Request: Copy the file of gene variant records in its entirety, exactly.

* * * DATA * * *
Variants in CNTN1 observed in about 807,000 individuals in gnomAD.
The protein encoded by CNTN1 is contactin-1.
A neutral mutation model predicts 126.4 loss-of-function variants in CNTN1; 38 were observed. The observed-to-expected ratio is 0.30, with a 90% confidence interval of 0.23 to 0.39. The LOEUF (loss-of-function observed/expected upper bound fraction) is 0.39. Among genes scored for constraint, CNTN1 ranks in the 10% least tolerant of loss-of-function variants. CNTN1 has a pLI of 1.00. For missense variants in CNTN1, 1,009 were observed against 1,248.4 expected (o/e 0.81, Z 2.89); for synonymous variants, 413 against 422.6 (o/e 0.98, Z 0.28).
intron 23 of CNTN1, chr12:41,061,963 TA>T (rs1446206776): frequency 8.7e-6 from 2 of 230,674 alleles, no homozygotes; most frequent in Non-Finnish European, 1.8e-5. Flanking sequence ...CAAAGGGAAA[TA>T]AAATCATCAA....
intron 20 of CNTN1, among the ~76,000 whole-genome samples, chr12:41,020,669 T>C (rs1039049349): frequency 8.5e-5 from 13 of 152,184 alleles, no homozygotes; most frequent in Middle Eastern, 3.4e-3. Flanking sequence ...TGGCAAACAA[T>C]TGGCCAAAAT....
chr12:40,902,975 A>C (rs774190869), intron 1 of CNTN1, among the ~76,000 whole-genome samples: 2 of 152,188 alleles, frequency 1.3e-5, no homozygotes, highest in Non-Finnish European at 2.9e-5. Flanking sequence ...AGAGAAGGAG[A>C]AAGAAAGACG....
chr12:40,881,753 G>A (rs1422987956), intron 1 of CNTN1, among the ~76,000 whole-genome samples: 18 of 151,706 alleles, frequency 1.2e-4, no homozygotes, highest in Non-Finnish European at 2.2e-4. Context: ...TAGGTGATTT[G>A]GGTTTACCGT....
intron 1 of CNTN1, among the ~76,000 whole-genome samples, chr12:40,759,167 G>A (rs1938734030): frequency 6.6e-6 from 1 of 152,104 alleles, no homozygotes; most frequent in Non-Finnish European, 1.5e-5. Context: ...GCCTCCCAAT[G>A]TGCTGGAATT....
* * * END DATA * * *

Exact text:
Variants in CNTN1 observed in about 807,000 individuals in gnomAD.
The protein encoded by CNTN1 is contactin-1.
A neutral mutation model predicts 126.4 loss-of-function variants in CNTN1; 38 were observed. The observed-to-expected ratio is 0.30, with a 90% confidence interval of 0.23 to 0.39. The LOEUF (loss-of-function observed/expected upper bound fraction) is 0.39. Among genes scored for constraint, CNTN1 ranks in the 10% least tolerant of loss-of-function variants. CNTN1 has a pLI of 1.00. For missense variants in CNTN1, 1,009 were observed against 1,248.4 expected (o/e 0.81, Z 2.89); for synonymous variants, 413 against 422.6 (o/e 0.98, Z 0.28).
intron 23 of CNTN1, chr12:41,061,963 TA>T (rs1446206776): frequency 8.7e-6 from 2 of 230,674 alleles, no homozygotes; most frequent in Non-Finnish European, 1.8e-5. Flanking sequence ...CAAAGGGAAA[TA>T]AAATCATCAA....
intron 20 of CNTN1, among the ~76,000 whole-genome samples, chr12:41,020,669 T>C (rs1039049349): frequency 8.5e-5 from 13 of 152,184 alleles, no homozygotes; most frequent in Middle Eastern, 3.4e-3. Flanking sequence ...TGGCAAACAA[T>C]TGGCCAAAAT....
chr12:40,902,975 A>C (rs774190869), intron 1 of CNTN1, among the ~76,000 whole-genome samples: 2 of 152,188 alleles, frequency 1.3e-5, no homozygotes, highest in Non-Finnish European at 2.9e-5. Flanking sequence ...AGAGAAGGAG[A>C]AAGAAAGACG....
chr12:40,881,753 G>A (rs1422987956), intron 1 of CNTN1, among the ~76,000 whole-genome samples: 18 of 151,706 alleles, frequency 1.2e-4, no homozygotes, highest in Non-Finnish European at 2.2e-4. Context: ...TAGGTGATTT[G>A]GGTTTACCGT....
intron 1 of CNTN1, among the ~76,000 whole-genome samples, chr12:40,759,167 G>A (rs1938734030): frequency 6.6e-6 from 1 of 152,104 alleles, no homozygotes; most frequent in Non-Finnish European, 1.5e-5. Context: ...GCCTCCCAAT[G>A]TGCTGGAATT....